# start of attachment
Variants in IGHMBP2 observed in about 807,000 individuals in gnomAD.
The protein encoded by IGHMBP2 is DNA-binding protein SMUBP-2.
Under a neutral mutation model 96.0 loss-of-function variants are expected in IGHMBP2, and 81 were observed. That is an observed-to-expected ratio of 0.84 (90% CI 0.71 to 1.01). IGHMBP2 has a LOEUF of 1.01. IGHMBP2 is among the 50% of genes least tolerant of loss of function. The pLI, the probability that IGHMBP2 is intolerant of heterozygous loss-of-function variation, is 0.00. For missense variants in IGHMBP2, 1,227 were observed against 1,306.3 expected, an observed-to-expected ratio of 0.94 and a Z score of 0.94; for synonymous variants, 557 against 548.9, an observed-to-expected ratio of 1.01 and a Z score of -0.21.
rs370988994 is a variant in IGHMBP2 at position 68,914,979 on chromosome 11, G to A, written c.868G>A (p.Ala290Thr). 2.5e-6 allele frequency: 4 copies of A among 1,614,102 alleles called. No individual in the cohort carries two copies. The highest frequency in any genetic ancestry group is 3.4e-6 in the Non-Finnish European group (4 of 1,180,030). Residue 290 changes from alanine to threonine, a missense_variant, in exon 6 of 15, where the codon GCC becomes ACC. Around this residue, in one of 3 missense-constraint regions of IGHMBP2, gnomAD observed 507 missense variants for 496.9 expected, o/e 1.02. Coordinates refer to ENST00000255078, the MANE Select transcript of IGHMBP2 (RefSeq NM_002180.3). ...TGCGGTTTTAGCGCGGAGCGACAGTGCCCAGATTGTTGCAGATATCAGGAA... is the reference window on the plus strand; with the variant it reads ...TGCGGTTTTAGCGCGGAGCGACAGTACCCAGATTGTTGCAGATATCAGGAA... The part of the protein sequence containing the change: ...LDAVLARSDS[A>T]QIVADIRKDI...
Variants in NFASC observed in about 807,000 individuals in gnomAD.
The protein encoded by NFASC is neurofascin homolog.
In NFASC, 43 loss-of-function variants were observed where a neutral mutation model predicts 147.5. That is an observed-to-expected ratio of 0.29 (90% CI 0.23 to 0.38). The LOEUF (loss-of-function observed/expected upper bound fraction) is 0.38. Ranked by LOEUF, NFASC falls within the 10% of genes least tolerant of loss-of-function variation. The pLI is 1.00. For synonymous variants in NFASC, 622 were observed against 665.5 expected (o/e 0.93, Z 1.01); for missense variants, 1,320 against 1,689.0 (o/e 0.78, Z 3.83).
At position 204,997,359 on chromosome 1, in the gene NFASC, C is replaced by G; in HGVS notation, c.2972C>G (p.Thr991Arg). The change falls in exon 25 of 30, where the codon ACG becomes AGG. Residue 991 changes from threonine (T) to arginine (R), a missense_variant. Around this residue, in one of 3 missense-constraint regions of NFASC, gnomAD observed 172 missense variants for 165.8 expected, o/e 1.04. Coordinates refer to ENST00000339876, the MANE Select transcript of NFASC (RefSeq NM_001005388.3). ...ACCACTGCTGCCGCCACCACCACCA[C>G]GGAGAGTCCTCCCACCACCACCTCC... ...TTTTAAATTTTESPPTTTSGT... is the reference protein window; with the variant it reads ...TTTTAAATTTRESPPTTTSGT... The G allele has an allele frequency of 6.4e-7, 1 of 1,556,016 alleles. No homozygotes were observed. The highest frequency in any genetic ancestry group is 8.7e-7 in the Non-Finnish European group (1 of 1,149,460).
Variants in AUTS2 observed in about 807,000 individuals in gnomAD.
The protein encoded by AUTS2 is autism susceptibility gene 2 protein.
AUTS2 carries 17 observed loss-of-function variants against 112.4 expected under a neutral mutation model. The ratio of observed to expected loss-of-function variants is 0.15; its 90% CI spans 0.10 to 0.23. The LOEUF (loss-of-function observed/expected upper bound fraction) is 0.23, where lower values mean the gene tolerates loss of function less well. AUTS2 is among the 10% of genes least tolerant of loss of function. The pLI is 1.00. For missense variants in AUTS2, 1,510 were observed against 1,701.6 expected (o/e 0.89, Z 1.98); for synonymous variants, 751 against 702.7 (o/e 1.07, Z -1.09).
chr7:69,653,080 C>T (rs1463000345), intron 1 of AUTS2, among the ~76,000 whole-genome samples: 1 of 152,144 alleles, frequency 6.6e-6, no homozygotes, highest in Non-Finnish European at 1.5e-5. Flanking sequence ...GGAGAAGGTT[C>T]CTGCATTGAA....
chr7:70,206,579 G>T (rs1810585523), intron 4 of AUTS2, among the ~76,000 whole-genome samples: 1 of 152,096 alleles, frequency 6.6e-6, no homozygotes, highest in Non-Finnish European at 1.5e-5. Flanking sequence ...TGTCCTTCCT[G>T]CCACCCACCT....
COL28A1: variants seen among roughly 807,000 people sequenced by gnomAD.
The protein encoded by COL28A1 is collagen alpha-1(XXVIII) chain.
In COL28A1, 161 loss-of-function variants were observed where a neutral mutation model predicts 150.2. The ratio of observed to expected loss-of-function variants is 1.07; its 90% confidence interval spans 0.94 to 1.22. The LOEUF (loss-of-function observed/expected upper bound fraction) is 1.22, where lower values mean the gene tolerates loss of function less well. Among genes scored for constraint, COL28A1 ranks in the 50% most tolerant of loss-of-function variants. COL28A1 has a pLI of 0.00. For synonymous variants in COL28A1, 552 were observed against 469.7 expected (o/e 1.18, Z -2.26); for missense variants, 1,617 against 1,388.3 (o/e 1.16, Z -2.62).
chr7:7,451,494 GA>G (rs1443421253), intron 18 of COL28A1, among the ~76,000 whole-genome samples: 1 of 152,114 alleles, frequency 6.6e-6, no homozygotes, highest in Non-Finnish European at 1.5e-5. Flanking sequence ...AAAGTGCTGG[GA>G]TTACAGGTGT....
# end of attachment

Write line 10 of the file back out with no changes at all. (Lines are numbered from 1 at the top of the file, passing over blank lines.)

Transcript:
The protein encoded by AUTS2 is autism susceptibility gene 2 protein.